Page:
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Published on 15/06/2021
Amine- and thiol-reactive linkers represent a versatile tool and are one of the most common crosslinkers for bioconjugations. The linkage can either be achieved intramolecularly or intermolecularly by combining the respective functional groups via a covalent bond.
Concerning the reactivity towards thiol groups, e.g. of cysteine residues within proteins, peptides, or other biomolecules, most frequently, maleimides are chosen as functional moieties. Around neutral pH, the double bond reacts rapidly with sulfhydryls under formation of a stable thioether bond. For best labeling results, thiol-containing compounds, such as dithiothreitol (DTT) and ß-mercaptoethanol (BME) must be excluded from reaction buffers to avoid competing reactions. However, after linkage, excess maleimides can be quenched by adding free thiols.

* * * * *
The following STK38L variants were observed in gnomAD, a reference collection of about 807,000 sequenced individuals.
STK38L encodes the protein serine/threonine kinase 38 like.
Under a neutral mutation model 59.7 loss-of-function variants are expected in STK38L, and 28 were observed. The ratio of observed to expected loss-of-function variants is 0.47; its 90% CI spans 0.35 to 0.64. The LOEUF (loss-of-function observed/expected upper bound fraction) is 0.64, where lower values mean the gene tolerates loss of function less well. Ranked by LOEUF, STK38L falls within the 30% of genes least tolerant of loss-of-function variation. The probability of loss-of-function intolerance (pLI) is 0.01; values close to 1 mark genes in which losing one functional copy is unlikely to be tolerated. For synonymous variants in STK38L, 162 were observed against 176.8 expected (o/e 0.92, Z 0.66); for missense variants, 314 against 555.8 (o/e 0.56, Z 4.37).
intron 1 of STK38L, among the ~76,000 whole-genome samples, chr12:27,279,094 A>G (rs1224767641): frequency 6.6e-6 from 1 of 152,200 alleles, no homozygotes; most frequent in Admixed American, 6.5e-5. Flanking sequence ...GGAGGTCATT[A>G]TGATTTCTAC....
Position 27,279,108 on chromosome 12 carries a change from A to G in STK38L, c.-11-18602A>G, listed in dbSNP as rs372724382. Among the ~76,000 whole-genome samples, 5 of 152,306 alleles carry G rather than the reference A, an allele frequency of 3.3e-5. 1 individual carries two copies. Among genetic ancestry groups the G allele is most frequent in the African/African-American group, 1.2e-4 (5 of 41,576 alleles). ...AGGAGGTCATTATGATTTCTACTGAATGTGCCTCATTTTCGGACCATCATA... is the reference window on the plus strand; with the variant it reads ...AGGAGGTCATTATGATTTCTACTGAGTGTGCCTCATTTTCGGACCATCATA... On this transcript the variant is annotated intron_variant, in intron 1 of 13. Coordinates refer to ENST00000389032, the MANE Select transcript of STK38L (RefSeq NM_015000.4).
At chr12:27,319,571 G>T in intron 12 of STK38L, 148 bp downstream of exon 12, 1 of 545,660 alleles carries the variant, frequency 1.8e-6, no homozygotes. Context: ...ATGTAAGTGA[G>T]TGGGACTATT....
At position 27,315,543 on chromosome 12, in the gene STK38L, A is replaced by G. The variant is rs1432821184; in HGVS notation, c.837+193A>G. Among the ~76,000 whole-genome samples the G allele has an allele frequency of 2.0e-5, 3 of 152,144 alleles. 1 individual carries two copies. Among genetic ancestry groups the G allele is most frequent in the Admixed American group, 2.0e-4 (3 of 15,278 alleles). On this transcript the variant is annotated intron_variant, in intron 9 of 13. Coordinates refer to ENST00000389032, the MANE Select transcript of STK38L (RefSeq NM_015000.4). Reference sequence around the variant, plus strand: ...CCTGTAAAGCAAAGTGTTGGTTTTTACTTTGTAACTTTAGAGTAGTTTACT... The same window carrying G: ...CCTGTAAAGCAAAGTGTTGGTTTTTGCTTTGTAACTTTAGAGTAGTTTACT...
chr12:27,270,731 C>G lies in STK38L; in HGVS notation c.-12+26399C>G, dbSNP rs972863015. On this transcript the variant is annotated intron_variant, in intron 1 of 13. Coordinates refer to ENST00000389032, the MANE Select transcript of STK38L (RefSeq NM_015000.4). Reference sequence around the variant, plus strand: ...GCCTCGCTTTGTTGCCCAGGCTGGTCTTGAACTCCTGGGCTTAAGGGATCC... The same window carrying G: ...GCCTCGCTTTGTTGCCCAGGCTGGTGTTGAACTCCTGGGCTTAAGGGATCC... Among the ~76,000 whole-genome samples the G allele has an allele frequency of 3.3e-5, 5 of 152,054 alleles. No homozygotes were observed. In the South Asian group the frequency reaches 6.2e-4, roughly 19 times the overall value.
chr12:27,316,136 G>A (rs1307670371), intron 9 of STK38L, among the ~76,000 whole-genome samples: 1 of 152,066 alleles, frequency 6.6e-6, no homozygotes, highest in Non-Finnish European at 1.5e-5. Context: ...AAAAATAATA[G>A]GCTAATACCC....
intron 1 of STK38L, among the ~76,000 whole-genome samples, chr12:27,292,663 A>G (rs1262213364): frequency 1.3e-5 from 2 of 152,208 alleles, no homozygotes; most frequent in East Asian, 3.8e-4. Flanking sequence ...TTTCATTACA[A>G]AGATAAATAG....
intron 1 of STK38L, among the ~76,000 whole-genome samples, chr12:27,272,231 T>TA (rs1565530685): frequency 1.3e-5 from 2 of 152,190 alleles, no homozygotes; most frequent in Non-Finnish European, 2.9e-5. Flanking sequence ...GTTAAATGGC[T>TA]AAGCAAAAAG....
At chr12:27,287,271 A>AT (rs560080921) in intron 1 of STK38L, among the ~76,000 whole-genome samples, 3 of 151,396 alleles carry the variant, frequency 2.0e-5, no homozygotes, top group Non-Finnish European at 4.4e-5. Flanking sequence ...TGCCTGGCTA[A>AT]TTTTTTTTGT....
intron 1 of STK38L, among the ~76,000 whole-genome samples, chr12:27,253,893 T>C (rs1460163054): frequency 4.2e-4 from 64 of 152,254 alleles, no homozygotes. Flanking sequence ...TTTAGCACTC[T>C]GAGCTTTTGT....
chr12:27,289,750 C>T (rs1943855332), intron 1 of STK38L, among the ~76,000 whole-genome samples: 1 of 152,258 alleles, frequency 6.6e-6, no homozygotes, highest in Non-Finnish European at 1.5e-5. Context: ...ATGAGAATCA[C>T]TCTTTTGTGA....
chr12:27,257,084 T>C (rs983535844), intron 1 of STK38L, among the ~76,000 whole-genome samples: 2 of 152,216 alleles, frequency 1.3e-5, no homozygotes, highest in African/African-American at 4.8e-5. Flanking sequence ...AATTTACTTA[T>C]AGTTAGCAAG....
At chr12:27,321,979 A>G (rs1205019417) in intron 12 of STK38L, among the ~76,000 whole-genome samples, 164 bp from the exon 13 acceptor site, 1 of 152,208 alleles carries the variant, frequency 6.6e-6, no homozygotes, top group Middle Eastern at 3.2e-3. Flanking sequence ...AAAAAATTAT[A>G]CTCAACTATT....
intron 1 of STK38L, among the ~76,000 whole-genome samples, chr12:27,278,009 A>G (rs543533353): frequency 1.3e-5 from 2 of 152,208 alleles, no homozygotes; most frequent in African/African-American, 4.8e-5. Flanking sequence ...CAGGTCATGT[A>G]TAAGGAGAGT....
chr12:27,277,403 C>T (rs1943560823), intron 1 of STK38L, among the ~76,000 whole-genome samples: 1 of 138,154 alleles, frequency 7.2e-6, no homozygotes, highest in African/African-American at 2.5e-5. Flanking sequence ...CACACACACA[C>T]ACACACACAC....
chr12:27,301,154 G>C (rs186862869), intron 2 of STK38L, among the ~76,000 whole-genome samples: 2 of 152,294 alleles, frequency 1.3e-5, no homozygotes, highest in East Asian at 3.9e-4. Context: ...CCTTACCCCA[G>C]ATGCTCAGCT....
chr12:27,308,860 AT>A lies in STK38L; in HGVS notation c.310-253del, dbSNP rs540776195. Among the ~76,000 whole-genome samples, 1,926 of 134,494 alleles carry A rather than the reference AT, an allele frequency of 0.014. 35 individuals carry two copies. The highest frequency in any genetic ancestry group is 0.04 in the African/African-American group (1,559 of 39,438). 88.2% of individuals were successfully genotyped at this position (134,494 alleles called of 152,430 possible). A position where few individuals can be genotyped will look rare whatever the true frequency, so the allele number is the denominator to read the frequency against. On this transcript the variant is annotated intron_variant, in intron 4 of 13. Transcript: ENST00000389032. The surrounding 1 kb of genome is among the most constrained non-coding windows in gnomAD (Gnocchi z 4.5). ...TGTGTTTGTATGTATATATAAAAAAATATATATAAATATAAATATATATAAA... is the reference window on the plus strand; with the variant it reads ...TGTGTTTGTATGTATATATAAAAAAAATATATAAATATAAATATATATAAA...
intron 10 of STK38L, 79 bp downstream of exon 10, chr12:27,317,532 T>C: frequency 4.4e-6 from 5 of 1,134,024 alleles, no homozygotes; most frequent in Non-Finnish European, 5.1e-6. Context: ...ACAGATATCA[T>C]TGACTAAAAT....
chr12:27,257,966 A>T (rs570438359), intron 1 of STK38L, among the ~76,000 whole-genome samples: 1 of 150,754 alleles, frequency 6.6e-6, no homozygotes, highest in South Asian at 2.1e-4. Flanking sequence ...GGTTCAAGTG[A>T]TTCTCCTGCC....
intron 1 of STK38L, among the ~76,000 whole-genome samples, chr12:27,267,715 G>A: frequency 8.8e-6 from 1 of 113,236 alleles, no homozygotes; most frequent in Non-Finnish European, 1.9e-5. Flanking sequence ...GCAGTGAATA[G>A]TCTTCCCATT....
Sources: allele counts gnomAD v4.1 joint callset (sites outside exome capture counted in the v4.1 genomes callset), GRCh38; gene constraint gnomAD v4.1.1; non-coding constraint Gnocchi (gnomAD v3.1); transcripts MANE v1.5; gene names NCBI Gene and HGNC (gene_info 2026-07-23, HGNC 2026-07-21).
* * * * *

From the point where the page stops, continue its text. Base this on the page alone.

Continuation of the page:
Reaction of a maleimide linker with a thiol moiety of a biomolecule.
Considering the amine reactive moiety, N-hydroxysuccinimide (NHS) esters yield a stable amide bond at physiological to slightly alkaline pH. However, hydrolysis of the NHS ester, especially with increasing pH, needs to be kept in mind but can be measured spectrophotometrically as the resulting NHS byproduct is absorbing at 260-280 nm. In analogy to thiol-reactive maleimides, for amine-reactive N-hydroxysuccinimides, buffers should not contain primary amines for best linking results but can be added to stop the reaction afterwards.
Reaction of a NHS linker with a thiol moiety of a biomolecule.
The combination of both reactive moieties within one linker allows the targeted crosslinking of two biomolecules (intermolecular) or two residues within one biomolecule (intramolecular). Iris Biotech offers various heterobifunctional amine-/thiol-reactive crosslinkers of different lengths. Furthermore, linkers with PEG spacers for increased solubility are available allowing researchers to find the derivative most suitable for their application.
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